FAIRBANKS (AP) -- An Air France jet dumped 30 tons of fuel southeast of Fairbanks but the discharge probably evaporated before it reached the ground, state and federal officials said.
The incident occurred Nov. 17 when the pilot released the fuel after losing a wheel on takeoff from Fairbanks International Airport. The pilot didn't want a plane full of fuel when returning for an emergency landing, an airport official said at the time.
The fuel left the aircraft in a stream at an elevation of about 12,000 feet, said Walt Sandel, an environmental specialist with the state Department of Environmental Conservation.
''I'd really be surprised if any hits the ground,'' Sandel told the Fairbanks Daily News-Miner. ''It's similar to gasoline. It's like having a spill out on the water -- you get some wind across it and it volatilizes quickly.''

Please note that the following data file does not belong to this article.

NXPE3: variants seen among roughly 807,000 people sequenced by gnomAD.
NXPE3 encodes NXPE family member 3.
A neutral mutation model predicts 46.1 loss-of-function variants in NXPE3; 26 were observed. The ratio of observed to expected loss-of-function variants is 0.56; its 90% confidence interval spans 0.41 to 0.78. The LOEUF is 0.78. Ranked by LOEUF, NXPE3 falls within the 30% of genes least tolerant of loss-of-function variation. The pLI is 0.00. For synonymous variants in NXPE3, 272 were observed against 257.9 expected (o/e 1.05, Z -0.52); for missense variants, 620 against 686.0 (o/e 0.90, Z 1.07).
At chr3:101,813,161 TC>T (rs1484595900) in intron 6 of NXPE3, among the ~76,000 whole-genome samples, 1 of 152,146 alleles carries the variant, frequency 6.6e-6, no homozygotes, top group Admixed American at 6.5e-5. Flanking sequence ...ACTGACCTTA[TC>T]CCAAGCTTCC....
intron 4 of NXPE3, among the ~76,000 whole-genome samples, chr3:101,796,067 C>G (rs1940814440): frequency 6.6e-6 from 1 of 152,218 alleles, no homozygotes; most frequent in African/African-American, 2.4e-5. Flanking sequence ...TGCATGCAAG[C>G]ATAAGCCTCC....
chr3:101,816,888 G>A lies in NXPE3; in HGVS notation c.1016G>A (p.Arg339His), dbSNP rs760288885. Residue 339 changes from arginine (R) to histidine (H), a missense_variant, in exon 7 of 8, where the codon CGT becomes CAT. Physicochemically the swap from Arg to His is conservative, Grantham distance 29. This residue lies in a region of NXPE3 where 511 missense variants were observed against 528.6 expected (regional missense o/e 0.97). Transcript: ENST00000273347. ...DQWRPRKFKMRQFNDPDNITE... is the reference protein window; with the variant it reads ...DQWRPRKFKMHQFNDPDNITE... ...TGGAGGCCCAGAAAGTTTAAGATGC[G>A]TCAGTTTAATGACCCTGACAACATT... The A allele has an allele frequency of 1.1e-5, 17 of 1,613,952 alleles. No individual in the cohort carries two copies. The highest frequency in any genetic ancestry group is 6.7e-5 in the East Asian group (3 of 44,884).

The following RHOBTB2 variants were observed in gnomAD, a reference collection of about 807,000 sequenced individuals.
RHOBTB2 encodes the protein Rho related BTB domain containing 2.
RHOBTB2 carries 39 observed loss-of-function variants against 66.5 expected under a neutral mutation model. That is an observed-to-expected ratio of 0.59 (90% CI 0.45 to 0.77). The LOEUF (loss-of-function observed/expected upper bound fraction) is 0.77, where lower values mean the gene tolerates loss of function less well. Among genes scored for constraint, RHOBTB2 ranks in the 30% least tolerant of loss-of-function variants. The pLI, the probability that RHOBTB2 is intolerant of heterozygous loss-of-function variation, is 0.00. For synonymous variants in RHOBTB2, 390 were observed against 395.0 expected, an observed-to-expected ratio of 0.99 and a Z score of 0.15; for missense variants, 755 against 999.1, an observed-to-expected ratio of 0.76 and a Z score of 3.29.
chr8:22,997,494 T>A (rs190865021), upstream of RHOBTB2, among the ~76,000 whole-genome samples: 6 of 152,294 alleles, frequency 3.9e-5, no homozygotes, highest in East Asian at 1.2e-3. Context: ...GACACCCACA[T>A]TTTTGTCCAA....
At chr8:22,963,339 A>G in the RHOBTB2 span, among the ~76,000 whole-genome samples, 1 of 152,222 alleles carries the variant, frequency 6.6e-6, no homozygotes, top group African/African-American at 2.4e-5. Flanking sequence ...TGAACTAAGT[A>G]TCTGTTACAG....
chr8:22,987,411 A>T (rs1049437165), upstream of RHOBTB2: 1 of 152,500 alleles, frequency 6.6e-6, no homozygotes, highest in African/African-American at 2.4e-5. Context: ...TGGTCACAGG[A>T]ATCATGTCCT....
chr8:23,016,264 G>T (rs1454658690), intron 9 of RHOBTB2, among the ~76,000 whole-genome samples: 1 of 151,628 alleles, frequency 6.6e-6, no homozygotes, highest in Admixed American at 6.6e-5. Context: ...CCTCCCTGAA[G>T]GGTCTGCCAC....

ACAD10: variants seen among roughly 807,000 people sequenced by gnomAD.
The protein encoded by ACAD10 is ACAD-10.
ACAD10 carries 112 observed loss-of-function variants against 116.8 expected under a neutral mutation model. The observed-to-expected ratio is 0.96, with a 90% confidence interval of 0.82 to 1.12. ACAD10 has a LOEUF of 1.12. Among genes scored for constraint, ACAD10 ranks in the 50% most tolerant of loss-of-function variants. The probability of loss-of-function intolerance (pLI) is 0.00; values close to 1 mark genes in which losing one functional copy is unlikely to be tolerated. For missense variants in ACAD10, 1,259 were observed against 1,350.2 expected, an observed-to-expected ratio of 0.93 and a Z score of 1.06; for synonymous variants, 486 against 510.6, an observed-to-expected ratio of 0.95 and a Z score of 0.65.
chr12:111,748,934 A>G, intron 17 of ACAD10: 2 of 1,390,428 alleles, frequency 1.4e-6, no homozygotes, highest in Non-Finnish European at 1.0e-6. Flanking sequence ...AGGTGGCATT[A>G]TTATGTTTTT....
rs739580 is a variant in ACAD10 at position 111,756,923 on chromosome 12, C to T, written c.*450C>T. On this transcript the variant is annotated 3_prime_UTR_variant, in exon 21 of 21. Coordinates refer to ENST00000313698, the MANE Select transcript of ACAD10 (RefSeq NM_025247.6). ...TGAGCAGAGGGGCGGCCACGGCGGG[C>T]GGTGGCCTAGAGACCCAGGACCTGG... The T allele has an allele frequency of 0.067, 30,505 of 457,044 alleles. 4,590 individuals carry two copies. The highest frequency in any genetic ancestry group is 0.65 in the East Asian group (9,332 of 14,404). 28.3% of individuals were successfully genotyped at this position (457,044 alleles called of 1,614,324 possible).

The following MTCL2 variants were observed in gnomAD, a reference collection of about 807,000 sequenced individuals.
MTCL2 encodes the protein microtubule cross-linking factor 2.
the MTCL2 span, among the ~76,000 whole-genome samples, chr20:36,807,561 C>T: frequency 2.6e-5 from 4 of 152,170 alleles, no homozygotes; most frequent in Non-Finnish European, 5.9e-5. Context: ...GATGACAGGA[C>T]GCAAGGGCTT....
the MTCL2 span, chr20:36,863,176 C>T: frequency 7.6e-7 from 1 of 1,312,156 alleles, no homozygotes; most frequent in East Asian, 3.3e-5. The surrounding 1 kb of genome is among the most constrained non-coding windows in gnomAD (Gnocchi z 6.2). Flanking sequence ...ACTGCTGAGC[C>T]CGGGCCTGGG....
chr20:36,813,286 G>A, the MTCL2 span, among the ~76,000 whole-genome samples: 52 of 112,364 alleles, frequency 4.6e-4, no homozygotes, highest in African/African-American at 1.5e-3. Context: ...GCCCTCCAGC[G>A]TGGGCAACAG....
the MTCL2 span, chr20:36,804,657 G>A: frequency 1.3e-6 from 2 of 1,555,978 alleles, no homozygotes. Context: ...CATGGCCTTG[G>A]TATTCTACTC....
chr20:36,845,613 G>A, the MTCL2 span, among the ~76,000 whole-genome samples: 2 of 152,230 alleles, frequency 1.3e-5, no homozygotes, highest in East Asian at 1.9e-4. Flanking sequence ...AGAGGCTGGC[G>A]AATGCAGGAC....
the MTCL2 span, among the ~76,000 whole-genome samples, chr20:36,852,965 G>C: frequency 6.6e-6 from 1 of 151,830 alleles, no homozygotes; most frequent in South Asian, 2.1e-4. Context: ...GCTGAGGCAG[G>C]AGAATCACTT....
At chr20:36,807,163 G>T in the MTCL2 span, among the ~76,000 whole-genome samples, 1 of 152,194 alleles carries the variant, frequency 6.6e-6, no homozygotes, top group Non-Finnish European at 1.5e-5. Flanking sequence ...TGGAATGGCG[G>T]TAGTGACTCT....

Sandel said he has never heard of dumped jet fuel hitting anyone on the ground.
The fuel fell over a designated military operations area 35 miles south of Eielson Air Force Base, said Kevin Haines, air traffic manager at the airport.
A second dump area is located 35 miles north of Eielson.
Haines said the sites are more commonly used by military aircraft, such as fighters, when they encounter weather or other problems.
The areas have no precise boundaries or minimum altitude. Fuel dumps are usually done at 10,000 feet or higher, Haines said.
Air traffic controllers can let other planes fly within 2,000 feet below dumped fuel, Haines said. ''The fuel dissipates quite rapidly.''
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